The biogas project started in April 2005 with a trial version of a CAL, which held 2 million litres of wastewater. It had a 1.5 mm thick high-density polythene cover, which was operated with a ten-day residence time. Its success led to the commissioning of a CAL with a capacity of 26 millon litres in 2007, which is 6 metres deep and can hold 28 days' production of wastewater. The new CAL's covers are secured around the edge of the pond with concrete trenches and rise and fall depending on gas generation and usage rates.
Gas continues to accumulate over Saturday afternoon and Sunday, when the main processing plant is idle, and it falls gradually over the week as the gas volume and pond cover lowers. The pond cover includes safety vents, which allow biogas to escape if the pond cover rises to a certain height above the water level. This involves the use of 0.5-metre risers attached to the underside of the vents.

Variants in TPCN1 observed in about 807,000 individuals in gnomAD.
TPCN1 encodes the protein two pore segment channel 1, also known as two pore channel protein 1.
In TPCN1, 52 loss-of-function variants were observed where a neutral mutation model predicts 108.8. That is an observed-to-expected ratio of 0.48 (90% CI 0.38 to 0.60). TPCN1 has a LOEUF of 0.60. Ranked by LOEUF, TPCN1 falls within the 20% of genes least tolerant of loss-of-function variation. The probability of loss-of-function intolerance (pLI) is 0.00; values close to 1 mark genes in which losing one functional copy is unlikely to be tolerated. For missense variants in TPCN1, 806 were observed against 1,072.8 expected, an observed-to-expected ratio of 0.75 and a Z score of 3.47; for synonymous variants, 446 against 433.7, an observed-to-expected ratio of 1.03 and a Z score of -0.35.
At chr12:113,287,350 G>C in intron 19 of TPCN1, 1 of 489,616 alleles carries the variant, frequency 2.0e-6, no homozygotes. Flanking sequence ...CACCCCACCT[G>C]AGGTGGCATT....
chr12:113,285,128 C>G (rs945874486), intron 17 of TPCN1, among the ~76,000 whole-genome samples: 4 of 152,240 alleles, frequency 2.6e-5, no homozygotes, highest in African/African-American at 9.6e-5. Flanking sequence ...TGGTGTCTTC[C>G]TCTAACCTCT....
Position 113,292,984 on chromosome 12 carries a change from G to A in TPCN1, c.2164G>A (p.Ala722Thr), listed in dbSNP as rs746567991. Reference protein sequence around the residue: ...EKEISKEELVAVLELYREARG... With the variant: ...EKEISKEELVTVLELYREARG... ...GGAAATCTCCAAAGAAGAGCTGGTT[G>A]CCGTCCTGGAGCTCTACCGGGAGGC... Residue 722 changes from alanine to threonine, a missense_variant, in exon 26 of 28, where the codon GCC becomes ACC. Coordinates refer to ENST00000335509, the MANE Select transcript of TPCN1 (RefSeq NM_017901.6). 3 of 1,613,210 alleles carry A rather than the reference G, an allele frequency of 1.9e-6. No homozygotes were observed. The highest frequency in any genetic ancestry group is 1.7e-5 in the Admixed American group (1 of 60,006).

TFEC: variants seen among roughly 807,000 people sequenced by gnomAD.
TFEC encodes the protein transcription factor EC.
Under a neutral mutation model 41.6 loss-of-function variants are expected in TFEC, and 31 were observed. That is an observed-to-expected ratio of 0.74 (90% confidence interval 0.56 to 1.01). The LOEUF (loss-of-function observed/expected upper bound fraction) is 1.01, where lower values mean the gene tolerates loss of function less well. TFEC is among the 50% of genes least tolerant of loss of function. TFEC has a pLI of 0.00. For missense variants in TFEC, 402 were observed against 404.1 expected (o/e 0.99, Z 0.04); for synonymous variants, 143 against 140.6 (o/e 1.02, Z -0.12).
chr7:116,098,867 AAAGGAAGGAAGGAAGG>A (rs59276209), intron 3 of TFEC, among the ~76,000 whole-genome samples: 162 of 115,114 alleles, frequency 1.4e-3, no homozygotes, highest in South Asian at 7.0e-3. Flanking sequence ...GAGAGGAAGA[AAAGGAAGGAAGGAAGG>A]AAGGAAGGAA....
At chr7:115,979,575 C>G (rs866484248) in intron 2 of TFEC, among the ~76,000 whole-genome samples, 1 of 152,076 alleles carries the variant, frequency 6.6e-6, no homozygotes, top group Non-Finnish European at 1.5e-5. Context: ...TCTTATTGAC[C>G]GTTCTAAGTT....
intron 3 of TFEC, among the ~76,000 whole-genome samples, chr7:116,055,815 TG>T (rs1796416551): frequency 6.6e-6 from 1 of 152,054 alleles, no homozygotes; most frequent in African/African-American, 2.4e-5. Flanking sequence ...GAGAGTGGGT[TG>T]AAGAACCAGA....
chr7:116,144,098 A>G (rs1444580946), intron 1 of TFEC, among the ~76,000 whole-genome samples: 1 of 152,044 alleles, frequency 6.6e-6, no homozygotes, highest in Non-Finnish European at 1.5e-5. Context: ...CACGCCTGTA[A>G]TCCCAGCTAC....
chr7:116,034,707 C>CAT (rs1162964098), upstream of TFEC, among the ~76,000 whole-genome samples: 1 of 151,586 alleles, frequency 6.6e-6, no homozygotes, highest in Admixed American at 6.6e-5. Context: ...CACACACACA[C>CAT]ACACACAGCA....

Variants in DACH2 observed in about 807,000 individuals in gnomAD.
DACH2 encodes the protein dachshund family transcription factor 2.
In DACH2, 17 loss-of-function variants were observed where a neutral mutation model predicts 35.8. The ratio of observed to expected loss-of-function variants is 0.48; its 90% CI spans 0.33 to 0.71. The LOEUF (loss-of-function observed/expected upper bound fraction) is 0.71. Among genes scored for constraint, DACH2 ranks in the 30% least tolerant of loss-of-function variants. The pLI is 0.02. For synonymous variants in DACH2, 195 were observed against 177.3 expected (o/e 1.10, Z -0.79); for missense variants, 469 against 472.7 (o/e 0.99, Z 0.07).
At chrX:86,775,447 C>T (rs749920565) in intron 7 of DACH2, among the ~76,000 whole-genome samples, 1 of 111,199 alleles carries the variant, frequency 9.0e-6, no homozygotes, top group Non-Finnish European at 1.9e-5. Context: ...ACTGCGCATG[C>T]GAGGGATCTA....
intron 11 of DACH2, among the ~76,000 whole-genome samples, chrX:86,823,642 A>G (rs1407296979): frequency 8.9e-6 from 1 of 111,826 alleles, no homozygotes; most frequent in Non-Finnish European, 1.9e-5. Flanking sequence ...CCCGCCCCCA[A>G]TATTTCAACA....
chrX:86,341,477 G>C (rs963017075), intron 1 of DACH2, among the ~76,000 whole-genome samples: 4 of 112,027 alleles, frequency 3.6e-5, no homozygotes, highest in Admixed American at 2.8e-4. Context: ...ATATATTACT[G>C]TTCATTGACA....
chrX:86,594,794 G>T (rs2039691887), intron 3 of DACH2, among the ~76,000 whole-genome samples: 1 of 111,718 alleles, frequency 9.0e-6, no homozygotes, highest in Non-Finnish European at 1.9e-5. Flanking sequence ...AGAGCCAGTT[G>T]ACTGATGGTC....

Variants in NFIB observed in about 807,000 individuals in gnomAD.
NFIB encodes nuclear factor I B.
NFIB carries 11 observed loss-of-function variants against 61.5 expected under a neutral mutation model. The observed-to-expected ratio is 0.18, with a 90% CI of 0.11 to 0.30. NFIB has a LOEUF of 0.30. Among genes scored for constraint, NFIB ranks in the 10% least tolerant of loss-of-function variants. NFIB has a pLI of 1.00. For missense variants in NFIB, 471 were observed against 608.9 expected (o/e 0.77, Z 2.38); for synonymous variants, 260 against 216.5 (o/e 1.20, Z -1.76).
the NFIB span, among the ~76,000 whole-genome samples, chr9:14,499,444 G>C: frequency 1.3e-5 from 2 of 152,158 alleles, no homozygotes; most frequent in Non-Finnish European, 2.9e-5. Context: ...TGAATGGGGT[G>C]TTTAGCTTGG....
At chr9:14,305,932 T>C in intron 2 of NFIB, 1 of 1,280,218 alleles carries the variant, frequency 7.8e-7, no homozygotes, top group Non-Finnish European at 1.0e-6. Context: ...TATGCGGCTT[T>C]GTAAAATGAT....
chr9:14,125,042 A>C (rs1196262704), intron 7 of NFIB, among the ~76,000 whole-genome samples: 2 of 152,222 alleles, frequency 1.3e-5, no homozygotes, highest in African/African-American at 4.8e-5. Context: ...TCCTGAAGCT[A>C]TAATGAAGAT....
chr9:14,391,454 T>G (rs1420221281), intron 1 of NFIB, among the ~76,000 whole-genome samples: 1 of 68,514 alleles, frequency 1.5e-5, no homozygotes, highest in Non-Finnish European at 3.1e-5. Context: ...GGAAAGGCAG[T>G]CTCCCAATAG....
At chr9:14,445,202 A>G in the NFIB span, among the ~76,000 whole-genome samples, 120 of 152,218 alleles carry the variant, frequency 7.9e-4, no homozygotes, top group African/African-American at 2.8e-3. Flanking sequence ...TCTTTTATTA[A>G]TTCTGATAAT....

The pH control of the influent is critical to biogas production rates, so maintaining the pH at between 6.6 and 7.6 through the addition of lime has been required on occasion.
The wastewater leaves the CAL by gravity flow (an inflow-outflow balancing system) and is then further treated in other on-site ponds before being recycled for irrigation of crops and pastures.
A manual pumping system removes rainwater that accumulates on the CAL cover during the wet season, and the area has an anti-personnel fence to prevent unauthorised access.